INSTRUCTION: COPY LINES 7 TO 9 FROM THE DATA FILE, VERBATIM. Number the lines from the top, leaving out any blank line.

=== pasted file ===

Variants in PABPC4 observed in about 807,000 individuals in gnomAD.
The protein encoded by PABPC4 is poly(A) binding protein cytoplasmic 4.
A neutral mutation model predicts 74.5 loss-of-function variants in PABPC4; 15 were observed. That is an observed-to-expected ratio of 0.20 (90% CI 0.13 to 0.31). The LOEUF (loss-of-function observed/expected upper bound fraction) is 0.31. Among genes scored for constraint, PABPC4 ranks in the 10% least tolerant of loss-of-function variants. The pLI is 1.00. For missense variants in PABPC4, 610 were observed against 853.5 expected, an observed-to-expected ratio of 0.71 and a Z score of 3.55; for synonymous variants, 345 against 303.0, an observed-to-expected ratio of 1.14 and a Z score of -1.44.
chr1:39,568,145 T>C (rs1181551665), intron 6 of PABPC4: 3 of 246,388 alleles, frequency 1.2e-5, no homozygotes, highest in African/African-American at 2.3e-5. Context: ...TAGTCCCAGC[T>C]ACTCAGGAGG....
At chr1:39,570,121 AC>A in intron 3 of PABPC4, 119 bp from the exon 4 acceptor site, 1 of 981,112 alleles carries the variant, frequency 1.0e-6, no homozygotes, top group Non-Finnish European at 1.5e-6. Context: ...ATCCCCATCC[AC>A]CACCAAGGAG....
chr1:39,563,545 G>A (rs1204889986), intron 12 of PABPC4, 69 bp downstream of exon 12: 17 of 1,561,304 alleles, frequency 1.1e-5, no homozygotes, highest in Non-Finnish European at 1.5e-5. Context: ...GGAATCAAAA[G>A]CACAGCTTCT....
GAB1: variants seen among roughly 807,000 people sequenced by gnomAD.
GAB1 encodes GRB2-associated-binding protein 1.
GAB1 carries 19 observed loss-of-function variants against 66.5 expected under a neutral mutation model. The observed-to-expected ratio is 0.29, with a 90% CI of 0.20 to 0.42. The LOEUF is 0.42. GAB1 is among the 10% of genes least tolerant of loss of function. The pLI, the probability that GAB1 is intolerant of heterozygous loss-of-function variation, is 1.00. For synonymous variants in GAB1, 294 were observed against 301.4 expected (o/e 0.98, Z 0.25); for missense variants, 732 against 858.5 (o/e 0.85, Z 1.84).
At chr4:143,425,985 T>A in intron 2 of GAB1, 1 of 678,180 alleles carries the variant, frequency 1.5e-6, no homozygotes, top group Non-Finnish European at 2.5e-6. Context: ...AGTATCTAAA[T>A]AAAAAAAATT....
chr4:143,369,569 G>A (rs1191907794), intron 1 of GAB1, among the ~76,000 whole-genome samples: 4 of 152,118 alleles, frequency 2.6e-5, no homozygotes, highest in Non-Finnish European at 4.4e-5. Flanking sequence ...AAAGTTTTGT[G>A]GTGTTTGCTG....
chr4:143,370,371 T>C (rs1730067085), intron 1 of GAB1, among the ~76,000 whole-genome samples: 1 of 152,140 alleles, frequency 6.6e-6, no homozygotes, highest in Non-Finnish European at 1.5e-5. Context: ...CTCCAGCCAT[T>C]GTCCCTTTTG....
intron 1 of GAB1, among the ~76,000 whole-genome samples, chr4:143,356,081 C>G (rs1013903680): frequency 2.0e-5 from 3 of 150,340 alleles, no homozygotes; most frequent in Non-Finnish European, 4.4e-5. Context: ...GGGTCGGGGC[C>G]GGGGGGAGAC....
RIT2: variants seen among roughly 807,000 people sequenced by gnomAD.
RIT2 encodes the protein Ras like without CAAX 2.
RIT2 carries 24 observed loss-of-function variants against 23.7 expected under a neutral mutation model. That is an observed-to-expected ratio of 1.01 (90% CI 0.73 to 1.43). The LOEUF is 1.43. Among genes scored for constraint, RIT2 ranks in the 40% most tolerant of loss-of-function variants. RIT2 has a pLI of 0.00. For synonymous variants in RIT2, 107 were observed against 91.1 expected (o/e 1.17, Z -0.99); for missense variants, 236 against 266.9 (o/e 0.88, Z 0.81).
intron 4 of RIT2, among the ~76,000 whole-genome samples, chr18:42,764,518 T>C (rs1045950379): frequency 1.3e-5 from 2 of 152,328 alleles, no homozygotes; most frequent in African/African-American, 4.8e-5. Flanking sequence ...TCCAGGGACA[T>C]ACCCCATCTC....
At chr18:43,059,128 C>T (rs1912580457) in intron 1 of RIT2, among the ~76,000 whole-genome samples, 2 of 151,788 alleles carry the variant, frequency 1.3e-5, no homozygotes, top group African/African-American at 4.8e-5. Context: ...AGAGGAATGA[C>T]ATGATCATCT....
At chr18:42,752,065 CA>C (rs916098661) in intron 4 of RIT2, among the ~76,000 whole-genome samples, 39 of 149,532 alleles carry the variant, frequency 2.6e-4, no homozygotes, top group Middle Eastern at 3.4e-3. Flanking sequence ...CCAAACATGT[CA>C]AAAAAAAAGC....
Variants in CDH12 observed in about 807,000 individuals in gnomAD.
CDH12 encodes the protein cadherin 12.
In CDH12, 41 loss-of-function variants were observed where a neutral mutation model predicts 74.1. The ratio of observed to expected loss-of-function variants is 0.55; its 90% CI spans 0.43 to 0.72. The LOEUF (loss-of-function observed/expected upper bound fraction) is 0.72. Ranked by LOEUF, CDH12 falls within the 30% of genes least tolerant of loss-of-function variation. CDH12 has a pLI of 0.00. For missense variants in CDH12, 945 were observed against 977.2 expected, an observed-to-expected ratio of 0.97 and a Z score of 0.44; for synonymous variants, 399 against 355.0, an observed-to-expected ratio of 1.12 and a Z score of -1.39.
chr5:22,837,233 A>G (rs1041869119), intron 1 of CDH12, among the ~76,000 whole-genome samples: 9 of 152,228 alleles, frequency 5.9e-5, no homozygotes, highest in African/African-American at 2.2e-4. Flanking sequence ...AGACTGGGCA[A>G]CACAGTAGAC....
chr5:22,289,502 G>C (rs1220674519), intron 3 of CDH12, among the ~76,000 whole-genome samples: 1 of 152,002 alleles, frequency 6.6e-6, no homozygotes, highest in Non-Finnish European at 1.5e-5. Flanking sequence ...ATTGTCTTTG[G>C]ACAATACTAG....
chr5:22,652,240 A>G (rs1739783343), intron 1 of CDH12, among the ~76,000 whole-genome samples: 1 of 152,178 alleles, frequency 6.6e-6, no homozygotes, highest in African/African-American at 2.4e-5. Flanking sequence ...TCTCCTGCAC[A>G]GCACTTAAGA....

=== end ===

GAB1: variants seen among roughly 807,000 people sequenced by gnomAD.
GAB1 encodes GRB2-associated-binding protein 1.
GAB1 carries 19 observed loss-of-function variants against 66.5 expected under a neutral mutation model. The observed-to-expected ratio is 0.29, with a 90% CI of 0.20 to 0.42. The LOEUF is 0.42. GAB1 is among the 10% of genes least tolerant of loss of function. The pLI, the probability that GAB1 is intolerant of heterozygous loss-of-function variation, is 1.00. For synonymous variants in GAB1, 294 were observed against 301.4 expected (o/e 0.98, Z 0.25); for missense variants, 732 against 858.5 (o/e 0.85, Z 1.84).